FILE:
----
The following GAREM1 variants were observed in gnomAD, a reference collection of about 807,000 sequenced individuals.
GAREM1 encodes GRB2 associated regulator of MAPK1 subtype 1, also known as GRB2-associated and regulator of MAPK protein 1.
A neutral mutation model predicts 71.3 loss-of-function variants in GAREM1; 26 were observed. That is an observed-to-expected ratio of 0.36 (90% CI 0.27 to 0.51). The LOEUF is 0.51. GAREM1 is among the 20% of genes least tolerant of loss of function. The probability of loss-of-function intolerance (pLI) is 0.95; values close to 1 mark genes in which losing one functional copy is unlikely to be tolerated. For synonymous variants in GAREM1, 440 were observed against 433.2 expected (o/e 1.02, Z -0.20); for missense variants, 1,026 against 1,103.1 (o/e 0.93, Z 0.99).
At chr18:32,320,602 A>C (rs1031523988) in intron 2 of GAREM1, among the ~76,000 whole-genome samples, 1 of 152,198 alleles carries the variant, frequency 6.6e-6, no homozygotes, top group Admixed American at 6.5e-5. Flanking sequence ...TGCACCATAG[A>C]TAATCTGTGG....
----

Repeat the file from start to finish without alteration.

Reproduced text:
The following GAREM1 variants were observed in gnomAD, a reference collection of about 807,000 sequenced individuals.
GAREM1 encodes GRB2 associated regulator of MAPK1 subtype 1, also known as GRB2-associated and regulator of MAPK protein 1.
A neutral mutation model predicts 71.3 loss-of-function variants in GAREM1; 26 were observed. That is an observed-to-expected ratio of 0.36 (90% CI 0.27 to 0.51). The LOEUF is 0.51. GAREM1 is among the 20% of genes least tolerant of loss of function. The probability of loss-of-function intolerance (pLI) is 0.95; values close to 1 mark genes in which losing one functional copy is unlikely to be tolerated. For synonymous variants in GAREM1, 440 were observed against 433.2 expected (o/e 1.02, Z -0.20); for missense variants, 1,026 against 1,103.1 (o/e 0.93, Z 0.99).
At chr18:32,320,602 A>C (rs1031523988) in intron 2 of GAREM1, among the ~76,000 whole-genome samples, 1 of 152,198 alleles carries the variant, frequency 6.6e-6, no homozygotes, top group Admixed American at 6.5e-5. Flanking sequence ...TGCACCATAG[A>C]TAATCTGTGG....